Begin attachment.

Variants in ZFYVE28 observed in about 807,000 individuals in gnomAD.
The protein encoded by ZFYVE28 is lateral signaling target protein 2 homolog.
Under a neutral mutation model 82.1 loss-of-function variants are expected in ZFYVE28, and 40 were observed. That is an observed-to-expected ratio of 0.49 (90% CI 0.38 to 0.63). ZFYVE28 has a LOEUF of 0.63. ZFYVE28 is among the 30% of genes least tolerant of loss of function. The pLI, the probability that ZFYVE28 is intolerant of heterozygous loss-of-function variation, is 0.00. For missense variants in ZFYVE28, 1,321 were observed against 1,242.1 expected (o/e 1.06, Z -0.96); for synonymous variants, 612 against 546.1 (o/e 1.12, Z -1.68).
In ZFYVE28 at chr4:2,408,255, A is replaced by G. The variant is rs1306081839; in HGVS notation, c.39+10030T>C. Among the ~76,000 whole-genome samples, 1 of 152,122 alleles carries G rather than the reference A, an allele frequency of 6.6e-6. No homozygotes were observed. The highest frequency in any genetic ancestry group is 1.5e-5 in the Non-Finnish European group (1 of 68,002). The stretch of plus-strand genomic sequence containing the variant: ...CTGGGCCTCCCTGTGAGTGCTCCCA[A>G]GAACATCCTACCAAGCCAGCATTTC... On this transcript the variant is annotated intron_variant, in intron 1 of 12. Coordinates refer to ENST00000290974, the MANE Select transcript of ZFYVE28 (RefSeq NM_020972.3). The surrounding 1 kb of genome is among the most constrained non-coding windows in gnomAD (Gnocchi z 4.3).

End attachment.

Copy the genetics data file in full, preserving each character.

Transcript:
Variants in ZFYVE28 observed in about 807,000 individuals in gnomAD.
The protein encoded by ZFYVE28 is lateral signaling target protein 2 homolog.
Under a neutral mutation model 82.1 loss-of-function variants are expected in ZFYVE28, and 40 were observed. That is an observed-to-expected ratio of 0.49 (90% CI 0.38 to 0.63). ZFYVE28 has a LOEUF of 0.63. ZFYVE28 is among the 30% of genes least tolerant of loss of function. The pLI, the probability that ZFYVE28 is intolerant of heterozygous loss-of-function variation, is 0.00. For missense variants in ZFYVE28, 1,321 were observed against 1,242.1 expected (o/e 1.06, Z -0.96); for synonymous variants, 612 against 546.1 (o/e 1.12, Z -1.68).
In ZFYVE28 at chr4:2,408,255, A is replaced by G. The variant is rs1306081839; in HGVS notation, c.39+10030T>C. Among the ~76,000 whole-genome samples, 1 of 152,122 alleles carries G rather than the reference A, an allele frequency of 6.6e-6. No homozygotes were observed. The highest frequency in any genetic ancestry group is 1.5e-5 in the Non-Finnish European group (1 of 68,002). The stretch of plus-strand genomic sequence containing the variant: ...CTGGGCCTCCCTGTGAGTGCTCCCA[A>G]GAACATCCTACCAAGCCAGCATTTC... On this transcript the variant is annotated intron_variant, in intron 1 of 12. Coordinates refer to ENST00000290974, the MANE Select transcript of ZFYVE28 (RefSeq NM_020972.3). The surrounding 1 kb of genome is among the most constrained non-coding windows in gnomAD (Gnocchi z 4.3).